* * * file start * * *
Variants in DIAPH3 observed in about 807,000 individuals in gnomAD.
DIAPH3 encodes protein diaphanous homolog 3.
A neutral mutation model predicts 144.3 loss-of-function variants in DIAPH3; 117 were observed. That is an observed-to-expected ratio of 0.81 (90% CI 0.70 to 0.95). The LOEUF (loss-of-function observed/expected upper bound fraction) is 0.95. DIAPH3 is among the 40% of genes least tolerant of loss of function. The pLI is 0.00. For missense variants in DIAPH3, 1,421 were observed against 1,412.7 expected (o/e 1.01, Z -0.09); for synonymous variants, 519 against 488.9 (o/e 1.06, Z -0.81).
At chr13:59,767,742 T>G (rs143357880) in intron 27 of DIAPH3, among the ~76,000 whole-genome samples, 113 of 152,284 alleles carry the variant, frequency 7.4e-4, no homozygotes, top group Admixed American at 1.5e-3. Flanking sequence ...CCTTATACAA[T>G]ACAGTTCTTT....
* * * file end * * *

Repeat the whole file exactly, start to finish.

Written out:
Variants in DIAPH3 observed in about 807,000 individuals in gnomAD.
DIAPH3 encodes protein diaphanous homolog 3.
A neutral mutation model predicts 144.3 loss-of-function variants in DIAPH3; 117 were observed. That is an observed-to-expected ratio of 0.81 (90% CI 0.70 to 0.95). The LOEUF (loss-of-function observed/expected upper bound fraction) is 0.95. DIAPH3 is among the 40% of genes least tolerant of loss of function. The pLI is 0.00. For missense variants in DIAPH3, 1,421 were observed against 1,412.7 expected (o/e 1.01, Z -0.09); for synonymous variants, 519 against 488.9 (o/e 1.06, Z -0.81).
At chr13:59,767,742 T>G (rs143357880) in intron 27 of DIAPH3, among the ~76,000 whole-genome samples, 113 of 152,284 alleles carry the variant, frequency 7.4e-4, no homozygotes, top group Admixed American at 1.5e-3. Flanking sequence ...CCTTATACAA[T>G]ACAGTTCTTT....